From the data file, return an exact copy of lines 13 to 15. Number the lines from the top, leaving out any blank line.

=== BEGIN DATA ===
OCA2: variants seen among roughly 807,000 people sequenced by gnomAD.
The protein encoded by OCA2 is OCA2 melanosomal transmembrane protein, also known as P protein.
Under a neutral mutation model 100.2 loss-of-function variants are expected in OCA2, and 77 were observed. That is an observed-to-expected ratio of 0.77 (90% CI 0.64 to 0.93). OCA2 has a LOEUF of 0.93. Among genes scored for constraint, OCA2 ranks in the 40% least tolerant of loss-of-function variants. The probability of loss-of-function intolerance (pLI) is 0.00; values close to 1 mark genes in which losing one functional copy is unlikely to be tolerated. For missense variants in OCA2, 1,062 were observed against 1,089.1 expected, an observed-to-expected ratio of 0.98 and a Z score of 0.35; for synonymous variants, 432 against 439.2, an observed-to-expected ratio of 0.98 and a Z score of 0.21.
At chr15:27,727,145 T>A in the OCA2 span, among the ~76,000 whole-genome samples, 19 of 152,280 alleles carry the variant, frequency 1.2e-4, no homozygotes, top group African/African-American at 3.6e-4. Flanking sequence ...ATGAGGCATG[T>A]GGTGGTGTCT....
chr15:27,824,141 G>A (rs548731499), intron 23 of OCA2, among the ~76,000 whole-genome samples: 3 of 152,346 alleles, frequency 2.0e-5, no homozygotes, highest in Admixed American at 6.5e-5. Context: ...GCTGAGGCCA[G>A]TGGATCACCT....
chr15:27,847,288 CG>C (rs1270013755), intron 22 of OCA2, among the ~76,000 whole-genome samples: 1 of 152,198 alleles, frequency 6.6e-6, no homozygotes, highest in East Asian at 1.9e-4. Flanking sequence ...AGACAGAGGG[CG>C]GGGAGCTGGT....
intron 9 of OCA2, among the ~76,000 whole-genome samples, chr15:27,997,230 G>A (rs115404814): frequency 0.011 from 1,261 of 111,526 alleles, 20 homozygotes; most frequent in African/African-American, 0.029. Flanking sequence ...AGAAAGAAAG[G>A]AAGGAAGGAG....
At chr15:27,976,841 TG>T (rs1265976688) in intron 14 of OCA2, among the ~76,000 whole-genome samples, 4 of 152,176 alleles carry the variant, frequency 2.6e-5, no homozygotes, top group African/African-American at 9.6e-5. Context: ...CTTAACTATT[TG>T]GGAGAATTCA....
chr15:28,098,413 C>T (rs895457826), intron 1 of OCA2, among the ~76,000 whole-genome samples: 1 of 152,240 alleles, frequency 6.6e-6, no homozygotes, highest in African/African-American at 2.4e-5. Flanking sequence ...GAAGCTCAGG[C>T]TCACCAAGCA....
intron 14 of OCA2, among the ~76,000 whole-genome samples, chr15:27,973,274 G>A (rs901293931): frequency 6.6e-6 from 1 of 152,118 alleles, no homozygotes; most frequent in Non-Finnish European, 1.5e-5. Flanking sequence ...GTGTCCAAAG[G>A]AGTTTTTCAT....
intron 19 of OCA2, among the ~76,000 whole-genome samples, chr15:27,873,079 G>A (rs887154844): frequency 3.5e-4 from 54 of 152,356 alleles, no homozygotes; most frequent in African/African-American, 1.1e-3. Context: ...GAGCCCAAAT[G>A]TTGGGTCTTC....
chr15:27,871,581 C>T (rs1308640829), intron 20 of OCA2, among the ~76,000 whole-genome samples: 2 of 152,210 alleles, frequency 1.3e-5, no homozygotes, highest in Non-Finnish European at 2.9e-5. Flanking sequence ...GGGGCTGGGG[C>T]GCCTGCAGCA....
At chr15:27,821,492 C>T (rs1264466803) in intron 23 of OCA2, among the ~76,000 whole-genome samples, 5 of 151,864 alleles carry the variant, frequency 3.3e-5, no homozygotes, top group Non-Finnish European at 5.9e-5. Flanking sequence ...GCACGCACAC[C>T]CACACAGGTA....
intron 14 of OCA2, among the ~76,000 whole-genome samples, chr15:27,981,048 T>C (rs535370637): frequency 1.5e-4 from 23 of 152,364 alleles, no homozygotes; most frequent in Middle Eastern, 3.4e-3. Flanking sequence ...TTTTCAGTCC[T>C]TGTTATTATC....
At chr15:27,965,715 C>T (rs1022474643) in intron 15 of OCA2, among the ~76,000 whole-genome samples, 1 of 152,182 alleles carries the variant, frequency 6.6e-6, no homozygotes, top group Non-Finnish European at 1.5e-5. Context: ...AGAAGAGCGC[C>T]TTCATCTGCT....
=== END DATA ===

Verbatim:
At chr15:27,821,492 C>T (rs1264466803) in intron 23 of OCA2, among the ~76,000 whole-genome samples, 5 of 151,864 alleles carry the variant, frequency 3.3e-5, no homozygotes, top group Non-Finnish European at 5.9e-5. Flanking sequence ...GCACGCACAC[C>T]CACACAGGTA....
intron 14 of OCA2, among the ~76,000 whole-genome samples, chr15:27,981,048 T>C (rs535370637): frequency 1.5e-4 from 23 of 152,364 alleles, no homozygotes; most frequent in Middle Eastern, 3.4e-3. Flanking sequence ...TTTTCAGTCC[T>C]TGTTATTATC....
At chr15:27,965,715 C>T (rs1022474643) in intron 15 of OCA2, among the ~76,000 whole-genome samples, 1 of 152,182 alleles carries the variant, frequency 6.6e-6, no homozygotes, top group Non-Finnish European at 1.5e-5. Context: ...AGAAGAGCGC[C>T]TTCATCTGCT....